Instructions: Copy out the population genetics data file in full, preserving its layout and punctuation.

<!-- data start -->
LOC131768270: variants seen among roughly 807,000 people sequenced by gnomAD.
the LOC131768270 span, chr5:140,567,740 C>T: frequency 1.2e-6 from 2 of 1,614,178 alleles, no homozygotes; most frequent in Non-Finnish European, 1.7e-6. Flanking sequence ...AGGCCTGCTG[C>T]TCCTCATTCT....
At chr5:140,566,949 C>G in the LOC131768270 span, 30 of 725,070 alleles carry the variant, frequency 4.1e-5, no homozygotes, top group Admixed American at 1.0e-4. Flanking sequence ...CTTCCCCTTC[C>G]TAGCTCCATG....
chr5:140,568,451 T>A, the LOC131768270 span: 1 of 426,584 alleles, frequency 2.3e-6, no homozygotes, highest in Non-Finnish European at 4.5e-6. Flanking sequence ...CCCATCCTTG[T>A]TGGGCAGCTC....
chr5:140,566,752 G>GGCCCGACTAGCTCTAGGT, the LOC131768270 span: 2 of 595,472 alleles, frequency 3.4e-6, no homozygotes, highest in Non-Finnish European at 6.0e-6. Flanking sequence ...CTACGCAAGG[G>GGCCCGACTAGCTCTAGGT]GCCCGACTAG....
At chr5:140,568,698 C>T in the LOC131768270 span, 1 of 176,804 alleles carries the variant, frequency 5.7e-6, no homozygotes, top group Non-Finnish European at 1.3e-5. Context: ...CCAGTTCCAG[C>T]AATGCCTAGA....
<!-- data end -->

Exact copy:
LOC131768270: variants seen among roughly 807,000 people sequenced by gnomAD.
the LOC131768270 span, chr5:140,567,740 C>T: frequency 1.2e-6 from 2 of 1,614,178 alleles, no homozygotes; most frequent in Non-Finnish European, 1.7e-6. Flanking sequence ...AGGCCTGCTG[C>T]TCCTCATTCT....
At chr5:140,566,949 C>G in the LOC131768270 span, 30 of 725,070 alleles carry the variant, frequency 4.1e-5, no homozygotes, top group Admixed American at 1.0e-4. Flanking sequence ...CTTCCCCTTC[C>G]TAGCTCCATG....
chr5:140,568,451 T>A, the LOC131768270 span: 1 of 426,584 alleles, frequency 2.3e-6, no homozygotes, highest in Non-Finnish European at 4.5e-6. Flanking sequence ...CCCATCCTTG[T>A]TGGGCAGCTC....
chr5:140,566,752 G>GGCCCGACTAGCTCTAGGT, the LOC131768270 span: 2 of 595,472 alleles, frequency 3.4e-6, no homozygotes, highest in Non-Finnish European at 6.0e-6. Flanking sequence ...CTACGCAAGG[G>GGCCCGACTAGCTCTAGGT]GCCCGACTAG....
At chr5:140,568,698 C>T in the LOC131768270 span, 1 of 176,804 alleles carries the variant, frequency 5.7e-6, no homozygotes, top group Non-Finnish European at 1.3e-5. Context: ...CCAGTTCCAG[C>T]AATGCCTAGA....